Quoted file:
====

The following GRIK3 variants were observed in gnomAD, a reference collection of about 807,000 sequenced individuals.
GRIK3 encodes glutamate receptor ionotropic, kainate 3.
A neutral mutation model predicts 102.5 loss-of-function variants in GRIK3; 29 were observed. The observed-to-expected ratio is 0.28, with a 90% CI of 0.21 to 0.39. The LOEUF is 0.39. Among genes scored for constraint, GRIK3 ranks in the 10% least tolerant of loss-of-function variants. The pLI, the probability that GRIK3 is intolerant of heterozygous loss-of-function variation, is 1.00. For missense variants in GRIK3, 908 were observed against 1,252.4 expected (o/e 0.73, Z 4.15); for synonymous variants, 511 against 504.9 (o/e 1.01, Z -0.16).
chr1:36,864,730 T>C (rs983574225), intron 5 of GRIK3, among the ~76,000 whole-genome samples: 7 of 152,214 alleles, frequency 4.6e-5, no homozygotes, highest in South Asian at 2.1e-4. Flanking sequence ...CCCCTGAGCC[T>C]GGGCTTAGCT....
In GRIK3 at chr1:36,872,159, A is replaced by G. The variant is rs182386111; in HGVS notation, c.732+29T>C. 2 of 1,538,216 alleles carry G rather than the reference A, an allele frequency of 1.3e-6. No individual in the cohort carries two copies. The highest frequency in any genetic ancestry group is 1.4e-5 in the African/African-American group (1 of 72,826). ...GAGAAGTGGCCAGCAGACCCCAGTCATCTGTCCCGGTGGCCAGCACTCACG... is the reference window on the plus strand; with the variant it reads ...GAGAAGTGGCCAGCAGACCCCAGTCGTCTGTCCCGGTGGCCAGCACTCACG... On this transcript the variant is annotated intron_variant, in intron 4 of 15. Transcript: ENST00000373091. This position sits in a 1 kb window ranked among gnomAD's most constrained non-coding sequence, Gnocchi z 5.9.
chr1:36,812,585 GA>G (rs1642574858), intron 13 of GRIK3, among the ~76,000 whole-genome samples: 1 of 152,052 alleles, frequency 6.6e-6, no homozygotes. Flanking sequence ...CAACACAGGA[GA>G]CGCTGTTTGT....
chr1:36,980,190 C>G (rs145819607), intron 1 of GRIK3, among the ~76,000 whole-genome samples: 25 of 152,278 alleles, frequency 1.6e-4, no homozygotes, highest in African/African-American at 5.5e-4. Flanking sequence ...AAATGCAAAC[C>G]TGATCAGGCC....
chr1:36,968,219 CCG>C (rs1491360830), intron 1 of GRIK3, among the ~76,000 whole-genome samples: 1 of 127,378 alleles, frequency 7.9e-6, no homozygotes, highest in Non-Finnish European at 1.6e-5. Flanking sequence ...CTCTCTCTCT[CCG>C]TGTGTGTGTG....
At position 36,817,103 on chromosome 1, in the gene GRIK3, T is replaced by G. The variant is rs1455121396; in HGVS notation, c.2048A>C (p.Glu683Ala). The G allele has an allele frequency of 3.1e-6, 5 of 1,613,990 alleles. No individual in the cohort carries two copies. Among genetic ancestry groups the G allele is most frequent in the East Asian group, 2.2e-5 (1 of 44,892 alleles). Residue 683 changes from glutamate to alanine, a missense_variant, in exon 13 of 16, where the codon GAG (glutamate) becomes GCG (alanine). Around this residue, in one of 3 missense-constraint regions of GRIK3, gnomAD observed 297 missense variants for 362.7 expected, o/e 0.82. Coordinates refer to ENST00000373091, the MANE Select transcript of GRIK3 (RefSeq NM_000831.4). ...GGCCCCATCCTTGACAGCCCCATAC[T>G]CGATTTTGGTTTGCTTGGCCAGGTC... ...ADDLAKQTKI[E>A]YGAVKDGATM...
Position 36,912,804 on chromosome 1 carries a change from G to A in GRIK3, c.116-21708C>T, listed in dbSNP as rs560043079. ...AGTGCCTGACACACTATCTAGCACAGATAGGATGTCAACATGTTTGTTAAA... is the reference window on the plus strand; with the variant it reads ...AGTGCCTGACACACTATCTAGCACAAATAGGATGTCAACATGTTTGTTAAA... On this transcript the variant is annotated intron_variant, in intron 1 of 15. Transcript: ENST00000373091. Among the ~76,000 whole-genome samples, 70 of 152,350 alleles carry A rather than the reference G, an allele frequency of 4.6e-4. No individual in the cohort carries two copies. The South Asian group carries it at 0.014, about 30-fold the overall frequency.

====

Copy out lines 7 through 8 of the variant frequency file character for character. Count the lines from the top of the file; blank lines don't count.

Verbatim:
chr1:36,980,190 C>G (rs145819607), intron 1 of GRIK3, among the ~76,000 whole-genome samples: 25 of 152,278 alleles, frequency 1.6e-4, no homozygotes, highest in African/African-American at 5.5e-4. Flanking sequence ...AAATGCAAAC[C>G]TGATCAGGCC....
chr1:36,968,219 CCG>C (rs1491360830), intron 1 of GRIK3, among the ~76,000 whole-genome samples: 1 of 127,378 alleles, frequency 7.9e-6, no homozygotes, highest in Non-Finnish European at 1.6e-5. Flanking sequence ...CTCTCTCTCT[CCG>C]TGTGTGTGTG....